There is a great line about Suzie Edwards’ work in the gallery sheet. “For this exhibition, Suzie has set herself the challenge of trying to understand and identify the elements necessary for an image to captivate the viewer…” Eight large multi part images are on the wall and every one has that “what is this about?” element. They range from awe inspiring almost cathedral style views to almost grimy modern urban images. It is a very delightful set of images.
I love Canberra. I love Photoaccess. The two often are woven together. Having lived here for 57 of the last 62 years I have seen it change hugely. It has its booms and busts it has its local and national elements and it has its new and old.
This exhibition is working with an Instagram group #urbancanberra and the pictures are printed in Polaroid size to reflect that. The three have quite different styles but all show a mix of old and new, high end and low end and human and built urban elements.
The three photographers are big fans of phone photography of Canberra Urban scenes.
I have included a few pics below to show the lay out and the types of pics included.
Megalo is where I will go when I want to take up doing art. To me print making is such an exciting, varied and complex art. The exhibition that is on now has such a great range of styles and creativity. The artists are James Lieutenant, Leo Loomans, Mehwish Iqbal, Tomiyuki Sakuta, Tanya Myshkin, and Adam Veikkanen. The ideas in some of these prints were particularly interesting. Mr Veikkanen created printing using ply wood frames and carpet four look a likes to TV static. The work I loved the most was one using a technique called IIntaglio by Tomiyuki Sakuta from the Megalo archive called Canberra Friends. As it was behind glass my phone did not get a good shot but the front of the gallery sheet below has the whole pic and I have added a couple of the friends.
Nine local artists are hung in the Gallery in the Nishi right now. James Powdichtch, Richard Blackwell, Paul Sutton, Jacob Potter, Byrd, Louise Upshall, Natalie Mather, Emily Valentine are the artists. Below are a sample of the art works basically arranged around the list above. The gallery sheet is there also.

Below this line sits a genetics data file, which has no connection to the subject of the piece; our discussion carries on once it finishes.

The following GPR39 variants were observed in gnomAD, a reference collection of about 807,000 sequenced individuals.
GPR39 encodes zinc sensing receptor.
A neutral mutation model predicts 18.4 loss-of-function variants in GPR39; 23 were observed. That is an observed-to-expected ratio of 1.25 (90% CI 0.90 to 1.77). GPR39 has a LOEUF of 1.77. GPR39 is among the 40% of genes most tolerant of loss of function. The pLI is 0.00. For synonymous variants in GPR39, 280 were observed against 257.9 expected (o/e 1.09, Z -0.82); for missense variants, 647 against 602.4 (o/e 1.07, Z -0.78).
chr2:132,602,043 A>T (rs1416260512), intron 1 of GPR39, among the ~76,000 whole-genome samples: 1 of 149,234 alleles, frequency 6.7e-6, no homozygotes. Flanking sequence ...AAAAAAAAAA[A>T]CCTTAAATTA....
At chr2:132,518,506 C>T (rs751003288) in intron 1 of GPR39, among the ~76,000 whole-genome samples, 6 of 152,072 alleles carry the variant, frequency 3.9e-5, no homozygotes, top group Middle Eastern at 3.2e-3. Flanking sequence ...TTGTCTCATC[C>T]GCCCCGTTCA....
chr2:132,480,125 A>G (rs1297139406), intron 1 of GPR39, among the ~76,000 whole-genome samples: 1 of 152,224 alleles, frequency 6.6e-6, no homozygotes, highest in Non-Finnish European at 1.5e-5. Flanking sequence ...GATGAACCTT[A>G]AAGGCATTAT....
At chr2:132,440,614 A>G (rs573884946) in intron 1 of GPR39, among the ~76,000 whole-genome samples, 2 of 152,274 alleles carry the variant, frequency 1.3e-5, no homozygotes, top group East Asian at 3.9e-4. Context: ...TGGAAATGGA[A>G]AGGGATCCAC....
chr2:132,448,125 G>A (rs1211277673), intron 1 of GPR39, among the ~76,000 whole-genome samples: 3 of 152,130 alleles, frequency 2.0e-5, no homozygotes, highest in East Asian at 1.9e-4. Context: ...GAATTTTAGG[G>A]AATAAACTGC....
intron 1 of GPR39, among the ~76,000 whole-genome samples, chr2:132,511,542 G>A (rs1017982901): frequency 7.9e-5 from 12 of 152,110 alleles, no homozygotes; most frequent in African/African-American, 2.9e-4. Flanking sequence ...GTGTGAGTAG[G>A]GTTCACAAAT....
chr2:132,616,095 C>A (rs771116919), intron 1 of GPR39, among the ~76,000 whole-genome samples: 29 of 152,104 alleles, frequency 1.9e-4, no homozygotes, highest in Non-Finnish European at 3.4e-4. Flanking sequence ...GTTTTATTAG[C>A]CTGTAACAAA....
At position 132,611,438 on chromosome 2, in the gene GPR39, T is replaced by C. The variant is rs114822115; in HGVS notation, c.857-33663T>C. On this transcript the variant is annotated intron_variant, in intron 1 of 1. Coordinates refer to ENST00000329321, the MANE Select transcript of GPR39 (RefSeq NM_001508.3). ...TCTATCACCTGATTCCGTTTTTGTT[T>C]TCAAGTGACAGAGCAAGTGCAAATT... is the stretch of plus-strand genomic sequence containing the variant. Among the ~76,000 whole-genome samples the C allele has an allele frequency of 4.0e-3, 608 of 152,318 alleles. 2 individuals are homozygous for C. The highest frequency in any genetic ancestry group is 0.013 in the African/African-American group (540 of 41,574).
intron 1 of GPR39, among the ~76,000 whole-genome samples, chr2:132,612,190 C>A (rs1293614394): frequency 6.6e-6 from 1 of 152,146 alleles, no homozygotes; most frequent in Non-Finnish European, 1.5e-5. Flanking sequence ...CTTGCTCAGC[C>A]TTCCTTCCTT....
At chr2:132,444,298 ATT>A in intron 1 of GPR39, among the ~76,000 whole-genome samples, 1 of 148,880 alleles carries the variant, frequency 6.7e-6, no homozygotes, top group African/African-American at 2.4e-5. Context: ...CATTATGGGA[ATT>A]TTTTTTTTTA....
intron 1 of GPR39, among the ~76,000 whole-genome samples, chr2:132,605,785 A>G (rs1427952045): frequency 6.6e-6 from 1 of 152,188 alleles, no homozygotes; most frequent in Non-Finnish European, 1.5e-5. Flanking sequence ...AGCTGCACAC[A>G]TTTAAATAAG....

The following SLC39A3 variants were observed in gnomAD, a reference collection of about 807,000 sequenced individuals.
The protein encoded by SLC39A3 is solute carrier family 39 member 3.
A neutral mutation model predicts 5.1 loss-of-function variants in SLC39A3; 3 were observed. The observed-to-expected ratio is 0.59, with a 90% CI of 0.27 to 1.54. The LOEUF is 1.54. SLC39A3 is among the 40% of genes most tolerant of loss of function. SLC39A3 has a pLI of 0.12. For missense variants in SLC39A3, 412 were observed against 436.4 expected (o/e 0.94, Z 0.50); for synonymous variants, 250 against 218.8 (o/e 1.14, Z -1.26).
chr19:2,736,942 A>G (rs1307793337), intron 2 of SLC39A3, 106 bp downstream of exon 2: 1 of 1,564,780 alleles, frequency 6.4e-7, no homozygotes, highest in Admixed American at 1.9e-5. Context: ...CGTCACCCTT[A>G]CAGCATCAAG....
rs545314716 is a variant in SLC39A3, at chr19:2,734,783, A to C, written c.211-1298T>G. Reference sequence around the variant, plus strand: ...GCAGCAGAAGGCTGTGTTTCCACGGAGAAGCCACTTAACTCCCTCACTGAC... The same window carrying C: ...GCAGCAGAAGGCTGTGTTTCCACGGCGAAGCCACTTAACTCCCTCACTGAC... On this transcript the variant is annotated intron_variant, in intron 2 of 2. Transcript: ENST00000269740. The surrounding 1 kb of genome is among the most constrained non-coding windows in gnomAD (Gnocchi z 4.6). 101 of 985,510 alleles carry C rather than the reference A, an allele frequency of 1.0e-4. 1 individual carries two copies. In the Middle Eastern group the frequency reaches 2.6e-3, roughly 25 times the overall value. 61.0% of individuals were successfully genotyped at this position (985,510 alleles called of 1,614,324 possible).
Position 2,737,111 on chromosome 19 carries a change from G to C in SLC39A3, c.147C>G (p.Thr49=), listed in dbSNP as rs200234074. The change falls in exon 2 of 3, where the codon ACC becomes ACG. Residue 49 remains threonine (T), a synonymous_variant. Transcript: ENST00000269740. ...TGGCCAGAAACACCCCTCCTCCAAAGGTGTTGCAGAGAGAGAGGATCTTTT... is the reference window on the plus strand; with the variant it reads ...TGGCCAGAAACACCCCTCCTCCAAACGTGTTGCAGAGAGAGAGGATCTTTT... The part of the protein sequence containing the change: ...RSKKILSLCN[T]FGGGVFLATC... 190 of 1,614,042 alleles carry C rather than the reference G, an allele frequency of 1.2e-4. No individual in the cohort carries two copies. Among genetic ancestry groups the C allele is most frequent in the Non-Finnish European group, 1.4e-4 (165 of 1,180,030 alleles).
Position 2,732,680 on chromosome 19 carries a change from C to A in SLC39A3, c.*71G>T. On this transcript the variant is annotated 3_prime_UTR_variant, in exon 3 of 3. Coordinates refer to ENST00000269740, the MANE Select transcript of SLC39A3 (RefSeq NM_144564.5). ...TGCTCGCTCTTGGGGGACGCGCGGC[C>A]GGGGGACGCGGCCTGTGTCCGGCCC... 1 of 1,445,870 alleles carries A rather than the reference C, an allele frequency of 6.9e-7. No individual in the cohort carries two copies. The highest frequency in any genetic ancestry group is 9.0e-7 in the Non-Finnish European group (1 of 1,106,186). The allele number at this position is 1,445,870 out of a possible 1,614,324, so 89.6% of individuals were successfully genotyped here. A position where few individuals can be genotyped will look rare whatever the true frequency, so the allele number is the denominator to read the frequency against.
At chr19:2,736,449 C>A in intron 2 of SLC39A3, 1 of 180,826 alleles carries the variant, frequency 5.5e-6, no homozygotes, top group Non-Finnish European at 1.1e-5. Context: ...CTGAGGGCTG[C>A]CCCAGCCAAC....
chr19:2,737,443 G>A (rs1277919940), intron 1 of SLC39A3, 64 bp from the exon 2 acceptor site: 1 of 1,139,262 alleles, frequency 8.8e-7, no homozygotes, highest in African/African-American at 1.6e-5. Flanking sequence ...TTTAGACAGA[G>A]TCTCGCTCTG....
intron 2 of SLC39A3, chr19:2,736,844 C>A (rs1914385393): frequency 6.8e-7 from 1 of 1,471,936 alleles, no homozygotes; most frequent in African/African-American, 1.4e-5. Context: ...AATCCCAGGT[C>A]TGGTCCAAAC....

There are two very large objects created out of pale undecorated corrugated cardboard on display in the ANU School of Art Foyer Gallery. Ross Byers has created them and calls them Mnemonics. The publicity blurb has two other large cardboard creations on it that are not on display. The brief gallery sheet and some pics are below:
It is a special thing to be in a gallery with gorgeous objects and to meet and converse with the creator. After taking in every object I went to just comment to the three people on the counter and it turned out that one of them was Janet De Boos..She has been creating for fifty years and has such skill and creativity it is striking. Interwoven in her pottery are classical Chinese themes, Indigenous influences and many other elements.
Some of her works almost gleam with glittery variegated surfaces, others take all their colours and textures from the earth and there is a fabulous set of pale green high lustre urns that squeal China. I have included some of the publicity and some pics to give an idea of the glory of her work.
Often I walk towards a gallery thinking “What on earth is this going to be about?” If I have done no pre-reading and am not familiar with the topic or artist that is the best I can do. Approaching the Drill Hall Gallery in the rain today that was exactly what was going on in my head.
What a powerful surprise awaited me.A colour and sound explosion in vital and energetic forms is in that building right now.These artists were intrigued with the possibility of representing sound visually. Some screen savers on early computers tried that and must have been influenced by these artists.
At heart this exhibition straddles two sets of artists past and contemporary that use painting, film, light and music To me the star of the show is Ludwig Hirschfield Mack. There is lots of his work and it is exciting, colourful and playfully musical. Of the modern group Cathy Blanchflower’s marvelous musical looking large flowing works are a delight. John Aslanidis has other great interwoven images that cry out a musical background.
Gallery Three has a wonderful video musical creation on multiple screens that are immersive and invigorating to sit amongst. It has been created by an audio-visual performance group called Botborg. The performance is called Neural Luminance Amplifier.
Below are a few pictures and the hand out. I was surprised by how exciting I found the art on the wall and all the other forms of representing music visually.